Friday, December 02, 2011

Thomas Willis in the classroom

Here's the next installation of a series of posts about books I've been bringing to the History of Medicine I class, including editions of Vesalius, Galen, and Hippocrates. This week's History of Medicine I lecture covered a lot of ground - Leeuwenhoek, Thomas Willis, and Thomas Sydenham. I had a few different choices of what to bring for this class, and decided on a recent acquisition made in 2009.

Willis, Thomas. Pharmaceutice Rationalis, or, An Exercitation of the Operations of Medicines in Humane Bodies: Shewing the Signs, Causes, and Cures of Most Distempers Incident Thereunto ; in Two Parts ; As Also a Treatise of the Scurvy, and the Several Sorts Thereof, with Their Symptoms, Causes, and Cure. London: Printed for T. Dring, C. Harper, and J. Leigh : 1679.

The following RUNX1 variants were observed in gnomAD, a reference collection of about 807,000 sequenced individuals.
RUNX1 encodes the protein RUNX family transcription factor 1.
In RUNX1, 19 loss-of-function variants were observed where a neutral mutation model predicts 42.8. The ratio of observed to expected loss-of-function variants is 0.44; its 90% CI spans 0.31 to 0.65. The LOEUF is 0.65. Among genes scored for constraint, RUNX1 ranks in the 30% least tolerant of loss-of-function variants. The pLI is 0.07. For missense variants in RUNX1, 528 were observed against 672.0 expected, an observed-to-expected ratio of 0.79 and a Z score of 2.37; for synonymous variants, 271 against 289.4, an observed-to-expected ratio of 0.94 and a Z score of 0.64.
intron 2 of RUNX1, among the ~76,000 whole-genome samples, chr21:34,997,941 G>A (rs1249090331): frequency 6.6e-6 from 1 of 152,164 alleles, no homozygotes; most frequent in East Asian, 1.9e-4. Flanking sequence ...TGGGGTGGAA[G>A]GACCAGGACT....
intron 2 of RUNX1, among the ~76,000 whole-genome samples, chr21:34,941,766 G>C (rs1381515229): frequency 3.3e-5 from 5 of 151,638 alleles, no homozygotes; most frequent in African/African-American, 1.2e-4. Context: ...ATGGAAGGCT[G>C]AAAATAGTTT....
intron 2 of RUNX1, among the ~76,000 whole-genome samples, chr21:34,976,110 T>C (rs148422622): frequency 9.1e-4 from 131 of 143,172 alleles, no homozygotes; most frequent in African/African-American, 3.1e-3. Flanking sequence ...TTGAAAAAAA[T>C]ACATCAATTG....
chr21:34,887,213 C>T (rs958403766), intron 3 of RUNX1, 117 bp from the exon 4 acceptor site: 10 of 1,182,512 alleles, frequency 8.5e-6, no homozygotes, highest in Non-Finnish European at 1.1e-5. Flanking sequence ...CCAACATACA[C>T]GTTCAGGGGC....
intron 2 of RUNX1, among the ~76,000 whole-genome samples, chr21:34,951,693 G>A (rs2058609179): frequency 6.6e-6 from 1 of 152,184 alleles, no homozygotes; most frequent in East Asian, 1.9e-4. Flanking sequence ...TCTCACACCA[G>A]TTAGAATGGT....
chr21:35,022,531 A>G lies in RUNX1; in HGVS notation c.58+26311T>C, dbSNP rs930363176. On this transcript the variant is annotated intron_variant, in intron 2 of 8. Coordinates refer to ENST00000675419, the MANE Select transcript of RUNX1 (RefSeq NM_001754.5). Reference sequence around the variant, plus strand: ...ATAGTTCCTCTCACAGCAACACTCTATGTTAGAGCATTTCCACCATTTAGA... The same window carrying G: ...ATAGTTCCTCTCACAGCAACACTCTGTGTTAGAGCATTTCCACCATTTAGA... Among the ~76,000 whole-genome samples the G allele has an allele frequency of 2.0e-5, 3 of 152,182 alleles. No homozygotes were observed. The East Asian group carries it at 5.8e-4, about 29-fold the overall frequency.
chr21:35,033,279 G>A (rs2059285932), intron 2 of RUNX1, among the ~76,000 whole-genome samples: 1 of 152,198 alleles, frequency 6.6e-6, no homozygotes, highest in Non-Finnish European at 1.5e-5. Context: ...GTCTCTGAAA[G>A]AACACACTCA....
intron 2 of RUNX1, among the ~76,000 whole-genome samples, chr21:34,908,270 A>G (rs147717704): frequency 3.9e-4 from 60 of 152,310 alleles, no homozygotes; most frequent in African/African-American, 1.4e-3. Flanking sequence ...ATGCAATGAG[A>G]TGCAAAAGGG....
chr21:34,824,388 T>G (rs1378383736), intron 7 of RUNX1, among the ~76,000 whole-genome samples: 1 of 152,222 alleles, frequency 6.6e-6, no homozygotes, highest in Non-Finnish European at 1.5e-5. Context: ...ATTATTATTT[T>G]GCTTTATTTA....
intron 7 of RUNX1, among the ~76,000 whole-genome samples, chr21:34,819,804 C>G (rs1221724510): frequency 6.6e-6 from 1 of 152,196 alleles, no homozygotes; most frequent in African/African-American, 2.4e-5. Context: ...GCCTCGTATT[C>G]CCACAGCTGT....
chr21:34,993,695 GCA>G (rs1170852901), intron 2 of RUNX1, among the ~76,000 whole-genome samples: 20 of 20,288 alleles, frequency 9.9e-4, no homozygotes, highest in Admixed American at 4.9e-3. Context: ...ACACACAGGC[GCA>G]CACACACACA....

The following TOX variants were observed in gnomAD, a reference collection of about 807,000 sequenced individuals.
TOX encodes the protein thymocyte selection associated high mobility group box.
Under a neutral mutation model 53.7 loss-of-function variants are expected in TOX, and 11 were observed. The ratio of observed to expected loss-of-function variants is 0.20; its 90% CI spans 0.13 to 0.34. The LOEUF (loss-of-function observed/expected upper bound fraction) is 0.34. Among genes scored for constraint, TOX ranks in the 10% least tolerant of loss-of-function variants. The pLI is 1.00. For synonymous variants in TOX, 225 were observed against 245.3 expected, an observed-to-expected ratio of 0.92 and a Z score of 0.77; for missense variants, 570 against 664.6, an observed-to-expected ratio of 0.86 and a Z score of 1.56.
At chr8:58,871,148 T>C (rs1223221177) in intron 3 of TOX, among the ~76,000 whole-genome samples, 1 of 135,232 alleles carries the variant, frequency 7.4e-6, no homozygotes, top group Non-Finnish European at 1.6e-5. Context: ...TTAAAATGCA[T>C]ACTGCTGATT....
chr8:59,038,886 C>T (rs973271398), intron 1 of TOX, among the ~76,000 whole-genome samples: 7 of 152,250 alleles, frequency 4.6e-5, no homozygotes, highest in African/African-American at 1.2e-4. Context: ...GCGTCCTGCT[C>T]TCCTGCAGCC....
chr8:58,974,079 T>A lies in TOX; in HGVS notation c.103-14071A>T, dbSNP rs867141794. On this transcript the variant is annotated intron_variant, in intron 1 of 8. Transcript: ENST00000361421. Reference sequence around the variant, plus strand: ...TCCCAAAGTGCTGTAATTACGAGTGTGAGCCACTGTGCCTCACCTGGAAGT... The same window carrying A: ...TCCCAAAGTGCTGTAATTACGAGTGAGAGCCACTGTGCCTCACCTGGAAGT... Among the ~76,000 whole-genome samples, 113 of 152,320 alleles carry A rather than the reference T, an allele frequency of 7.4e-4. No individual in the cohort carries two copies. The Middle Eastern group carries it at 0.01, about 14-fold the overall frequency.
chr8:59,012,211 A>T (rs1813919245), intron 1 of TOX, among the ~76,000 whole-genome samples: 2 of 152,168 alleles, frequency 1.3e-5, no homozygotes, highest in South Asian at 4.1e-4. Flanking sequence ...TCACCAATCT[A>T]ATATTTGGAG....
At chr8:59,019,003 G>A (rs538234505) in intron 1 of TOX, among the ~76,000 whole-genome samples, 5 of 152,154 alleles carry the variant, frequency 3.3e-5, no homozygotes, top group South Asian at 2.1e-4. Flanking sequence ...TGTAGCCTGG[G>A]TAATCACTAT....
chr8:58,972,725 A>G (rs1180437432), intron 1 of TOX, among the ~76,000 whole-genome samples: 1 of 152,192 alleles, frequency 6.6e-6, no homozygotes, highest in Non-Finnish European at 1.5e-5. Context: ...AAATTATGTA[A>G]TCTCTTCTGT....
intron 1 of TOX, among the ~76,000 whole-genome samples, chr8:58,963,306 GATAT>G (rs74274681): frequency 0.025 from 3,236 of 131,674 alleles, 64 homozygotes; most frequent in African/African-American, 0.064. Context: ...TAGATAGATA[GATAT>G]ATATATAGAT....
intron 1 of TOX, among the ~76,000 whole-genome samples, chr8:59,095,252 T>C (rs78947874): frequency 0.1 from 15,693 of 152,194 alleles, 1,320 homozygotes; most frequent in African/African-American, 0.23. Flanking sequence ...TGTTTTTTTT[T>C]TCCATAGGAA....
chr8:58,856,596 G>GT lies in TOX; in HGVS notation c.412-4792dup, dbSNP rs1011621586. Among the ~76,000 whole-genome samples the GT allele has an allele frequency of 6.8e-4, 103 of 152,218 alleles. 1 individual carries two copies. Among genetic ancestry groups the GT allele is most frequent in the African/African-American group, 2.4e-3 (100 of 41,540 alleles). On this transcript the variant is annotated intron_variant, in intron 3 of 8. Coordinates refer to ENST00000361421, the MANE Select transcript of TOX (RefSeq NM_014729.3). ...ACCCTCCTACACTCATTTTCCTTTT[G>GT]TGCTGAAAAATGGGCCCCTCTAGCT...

Thomas Willis (1621-1675) was an English physician who co-founded the Royal Society and made important advances in anatomy and neurology, among other fields. This is the first English edition of his last work. Pharmaceutice rationalis is one of the major English works on pharmacology, and also contains observations on diabetes that contributed greatly to endocrinology. I also made sure to show the medical students the section where Willis discusses the effects of what was then a new and trendy beverage: coffee.

Our copy of this book carries the very snazzy bookplate of Otto Orren Fisher:

Dr. Fisher was a scientist and book collector who lived in Detroit. His collection was dispersed, and books he once owned can now be found in many museums and libraries.

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